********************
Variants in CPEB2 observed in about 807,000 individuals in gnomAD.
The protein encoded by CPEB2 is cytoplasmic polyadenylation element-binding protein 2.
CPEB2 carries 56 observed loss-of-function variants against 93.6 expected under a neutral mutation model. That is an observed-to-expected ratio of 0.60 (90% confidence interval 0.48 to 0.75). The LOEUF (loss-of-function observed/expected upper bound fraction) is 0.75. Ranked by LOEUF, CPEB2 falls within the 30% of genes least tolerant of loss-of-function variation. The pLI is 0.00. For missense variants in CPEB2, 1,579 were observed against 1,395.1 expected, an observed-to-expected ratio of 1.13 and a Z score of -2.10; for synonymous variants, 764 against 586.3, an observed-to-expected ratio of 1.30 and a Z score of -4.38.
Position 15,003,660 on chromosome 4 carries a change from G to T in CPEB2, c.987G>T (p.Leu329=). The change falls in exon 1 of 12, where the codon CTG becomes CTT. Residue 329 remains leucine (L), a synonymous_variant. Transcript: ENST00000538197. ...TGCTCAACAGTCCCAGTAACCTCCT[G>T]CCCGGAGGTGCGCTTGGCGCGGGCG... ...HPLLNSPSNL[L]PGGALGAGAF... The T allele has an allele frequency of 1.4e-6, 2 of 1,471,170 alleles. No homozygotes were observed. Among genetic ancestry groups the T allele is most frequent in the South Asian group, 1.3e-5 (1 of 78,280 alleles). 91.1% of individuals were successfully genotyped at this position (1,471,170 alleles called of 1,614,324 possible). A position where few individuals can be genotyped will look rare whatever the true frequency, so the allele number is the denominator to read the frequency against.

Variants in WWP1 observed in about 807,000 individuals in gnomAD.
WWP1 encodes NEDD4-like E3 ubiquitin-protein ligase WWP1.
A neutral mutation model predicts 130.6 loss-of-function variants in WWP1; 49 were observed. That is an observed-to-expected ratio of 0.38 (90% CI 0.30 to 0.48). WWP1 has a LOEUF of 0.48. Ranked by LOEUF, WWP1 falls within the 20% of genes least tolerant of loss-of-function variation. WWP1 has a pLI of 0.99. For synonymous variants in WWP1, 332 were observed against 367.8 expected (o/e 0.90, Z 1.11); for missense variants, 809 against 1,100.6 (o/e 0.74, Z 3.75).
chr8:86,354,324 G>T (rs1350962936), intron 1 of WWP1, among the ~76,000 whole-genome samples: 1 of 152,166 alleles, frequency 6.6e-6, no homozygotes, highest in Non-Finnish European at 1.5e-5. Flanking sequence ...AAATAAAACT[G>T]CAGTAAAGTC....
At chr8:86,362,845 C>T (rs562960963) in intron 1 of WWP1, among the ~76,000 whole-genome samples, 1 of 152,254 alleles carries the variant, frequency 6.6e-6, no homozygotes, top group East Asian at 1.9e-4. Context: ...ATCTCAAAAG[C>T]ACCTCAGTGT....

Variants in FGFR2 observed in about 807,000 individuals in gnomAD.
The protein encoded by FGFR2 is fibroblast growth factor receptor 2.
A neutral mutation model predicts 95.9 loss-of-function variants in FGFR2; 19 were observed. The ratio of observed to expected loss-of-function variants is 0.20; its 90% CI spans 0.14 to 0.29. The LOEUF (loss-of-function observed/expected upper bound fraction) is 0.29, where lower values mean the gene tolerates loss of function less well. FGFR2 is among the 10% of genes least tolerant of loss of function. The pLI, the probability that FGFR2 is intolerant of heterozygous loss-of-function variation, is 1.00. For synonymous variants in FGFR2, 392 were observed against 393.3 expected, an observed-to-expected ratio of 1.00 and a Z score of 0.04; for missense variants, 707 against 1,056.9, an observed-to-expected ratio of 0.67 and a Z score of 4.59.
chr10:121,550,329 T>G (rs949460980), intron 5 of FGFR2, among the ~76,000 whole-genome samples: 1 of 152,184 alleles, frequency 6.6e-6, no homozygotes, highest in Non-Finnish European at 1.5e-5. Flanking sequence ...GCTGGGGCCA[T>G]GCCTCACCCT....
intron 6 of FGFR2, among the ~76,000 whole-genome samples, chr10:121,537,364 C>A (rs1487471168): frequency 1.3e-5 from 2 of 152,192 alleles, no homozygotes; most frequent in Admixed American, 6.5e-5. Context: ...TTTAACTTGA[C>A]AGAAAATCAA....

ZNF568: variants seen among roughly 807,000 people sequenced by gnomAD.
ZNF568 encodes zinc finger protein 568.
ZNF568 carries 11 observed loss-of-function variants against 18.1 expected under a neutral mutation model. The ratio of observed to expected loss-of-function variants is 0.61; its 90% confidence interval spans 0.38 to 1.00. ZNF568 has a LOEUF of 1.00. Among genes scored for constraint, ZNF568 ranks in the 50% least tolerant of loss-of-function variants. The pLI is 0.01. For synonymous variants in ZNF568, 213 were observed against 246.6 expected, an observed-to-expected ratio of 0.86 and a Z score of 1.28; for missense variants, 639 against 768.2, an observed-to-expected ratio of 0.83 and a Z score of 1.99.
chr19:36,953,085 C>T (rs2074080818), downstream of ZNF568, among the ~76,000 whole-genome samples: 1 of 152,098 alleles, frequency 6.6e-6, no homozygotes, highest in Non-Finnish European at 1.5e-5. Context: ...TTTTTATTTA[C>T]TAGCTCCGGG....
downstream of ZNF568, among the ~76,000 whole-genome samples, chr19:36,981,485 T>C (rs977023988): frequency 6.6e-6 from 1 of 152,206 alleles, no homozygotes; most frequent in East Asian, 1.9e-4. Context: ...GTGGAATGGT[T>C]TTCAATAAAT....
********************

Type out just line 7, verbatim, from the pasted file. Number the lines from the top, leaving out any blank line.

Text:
A neutral mutation model predicts 130.6 loss-of-function variants in WWP1; 49 were observed. That is an observed-to-expected ratio of 0.38 (90% CI 0.30 to 0.48). WWP1 has a LOEUF of 0.48. Ranked by LOEUF, WWP1 falls within the 20% of genes least tolerant of loss-of-function variation. WWP1 has a pLI of 0.99. For synonymous variants in WWP1, 332 were observed against 367.8 expected (o/e 0.90, Z 1.11); for missense variants, 809 against 1,100.6 (o/e 0.74, Z 3.75).